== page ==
Sometimes when you are doing research on a subject, you accidently stumble upon the unexpected. This is one of those cases. While researching a fallen hero, and unrelated to his story, I came across a document on a UFO sighting that occurred in New Philadelphia, Ohio in 1968. There was no way I was not going to look into that! Out of respect for their privacy, I have left out the names of the witnesses.
The driving instructor was driving the 1968 Ford Falcon down Interstate 77 on the afternoon of July 1, 1968. Two student drivers in the back seat were patiently waiting their turn to take the wheel. The 27 year-old instructor had been teaching in the area for about 2 1/2 years, having graduated from Kent State University. As the car approached the interchange at the in-progress Route 250 bypass, something caught his eye. Off in the distance, in a patch of blue sky on a partly cloudy day, he noticed a bright white object moving erratically. Not sure if he was seeing things, he looked away thinking perhaps it was just a plane. When he looked back, the object was still there, still moving in a zig-zag pattern in the sky.
“Do you see what I’m seeing?” the instructor asked the students. The two students, both 16 years old, looked out of their windows. Both students replied that they were seeing the same, erratically moving, object. The driver stopped the car and the three watched the object’s odd movements for about 3 1/2 minutes. It then rapidly shot off into the distance, getting smaller and smaller until it was no longer visible. The instructor, apparently aware of the ongoing investigations into UFO’s by the United States Air Force, suggested that the three of them file a report. Two days after the incident, the instructor and his students drafted and mailed accounts of the UFO encounter to the “U.F.O. Department” at the Air Force.
Project Blue Book was the code name for the United States Air Force’s study of unidentified flying objects that began in March 1952. The project was based at Ohio’s Wright-Patterson Air Force Base. The project’s principal goals were to determine if UFOs were a threat to national security and to try and scientifically review UFO-related information from witness reports. It is not surprising then that an educated Ohio native like the driving instructor would be aware of the project.
The Project Blue Book staff, within a week of receiving the reports, mailed questionnaires to the three witnesses in order to gather more detailed information. The nine page questionnaires asked witnesses to answer a number of questions about where they were, their eyesight, weather, etc. It also asked for details about the alleged UFO itself including size, color, movement, etc. Additionally, the Air Force investigators requested from Air Force meteorologists detailed information about the weather for the day that the alleged UFO was witnessed. Letters also went out to the Dover and New Philadelphia police departments asking them if they had received any reports of unusual activity.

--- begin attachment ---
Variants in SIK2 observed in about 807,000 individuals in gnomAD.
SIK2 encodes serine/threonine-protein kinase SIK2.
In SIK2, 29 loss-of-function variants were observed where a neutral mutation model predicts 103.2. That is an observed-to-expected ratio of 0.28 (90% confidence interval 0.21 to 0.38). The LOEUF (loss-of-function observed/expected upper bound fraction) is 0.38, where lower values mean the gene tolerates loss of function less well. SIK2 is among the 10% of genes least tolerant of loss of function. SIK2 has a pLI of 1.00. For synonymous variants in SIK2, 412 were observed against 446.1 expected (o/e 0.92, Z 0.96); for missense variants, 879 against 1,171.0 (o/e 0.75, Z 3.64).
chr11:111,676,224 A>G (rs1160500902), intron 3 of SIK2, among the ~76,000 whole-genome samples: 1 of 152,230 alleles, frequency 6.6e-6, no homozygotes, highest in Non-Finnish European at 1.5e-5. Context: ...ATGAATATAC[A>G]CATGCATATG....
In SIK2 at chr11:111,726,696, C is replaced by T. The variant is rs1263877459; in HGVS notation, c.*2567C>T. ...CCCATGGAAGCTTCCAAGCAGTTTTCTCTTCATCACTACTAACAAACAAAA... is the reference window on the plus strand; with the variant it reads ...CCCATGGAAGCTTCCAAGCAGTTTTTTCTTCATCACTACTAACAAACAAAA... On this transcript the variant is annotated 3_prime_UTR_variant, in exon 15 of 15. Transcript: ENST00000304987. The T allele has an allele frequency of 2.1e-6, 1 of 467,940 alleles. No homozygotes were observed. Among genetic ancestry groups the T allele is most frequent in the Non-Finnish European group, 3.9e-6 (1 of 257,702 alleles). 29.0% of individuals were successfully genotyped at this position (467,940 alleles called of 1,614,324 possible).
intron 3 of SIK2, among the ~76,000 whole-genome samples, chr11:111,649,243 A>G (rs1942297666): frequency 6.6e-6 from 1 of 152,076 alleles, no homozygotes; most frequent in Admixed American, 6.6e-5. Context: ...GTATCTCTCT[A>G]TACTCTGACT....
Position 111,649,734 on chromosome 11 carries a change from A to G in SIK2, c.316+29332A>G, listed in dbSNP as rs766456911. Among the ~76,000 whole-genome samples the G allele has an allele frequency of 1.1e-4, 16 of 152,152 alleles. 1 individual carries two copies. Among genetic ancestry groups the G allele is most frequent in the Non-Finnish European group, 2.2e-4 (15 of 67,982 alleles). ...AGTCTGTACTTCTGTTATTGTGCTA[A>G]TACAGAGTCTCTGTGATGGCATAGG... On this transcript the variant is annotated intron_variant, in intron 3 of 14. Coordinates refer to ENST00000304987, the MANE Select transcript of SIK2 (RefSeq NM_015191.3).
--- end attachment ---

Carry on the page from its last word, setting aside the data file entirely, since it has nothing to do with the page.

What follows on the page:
All three witnesses of the alleged UFO made clear in their original letters, and later questionnaires, that what they saw was not an airplane, a bird, or anything that they had ever seen before. They all commented on the fact that the object gave off its own illumination, not a reflection of sunlight, and that it did not have any type of exhaust or vapor trail visible while it moved. One witness described the object as disc-shaped, while another stated it was more cigar-shaped. After having read the witnesses’ letters and their questionnaire answers, it is clear that they were sincere in their belief in what they saw.
Within a couple months of the July 1 sighting, there were other reports of unidentified flying objects, “flying saucers”, made to the New Philadelphia and Dover police on two separate occasions. One sighting near Tuscora Park and another near the intersection of Baker Avenue and Tuscarawas Avenue. Additionally, there had been a number of sightings in central Ohio during the spring and early summer of 1968.
After reviewing the information provided in the witness letters, questionnaires, and from the Air Force meteorologists, Lt. Colonel Hector Quintanilla submitted his report. The report noted inconsistencies in the witnesses’ recollections, suggested that perhaps they saw a piece of paper floating in the air or a reflection of light, and accused two of the witnesses of being “(so called) UFO fans” because one witness stated that “everyone thinks I am crazy.” In spite of all of this, the facts in this case remained and the Project Blue Book staff concluded that “in summary…it was, and will remain, a UFO.”
© Noel B. Poirier, 2021.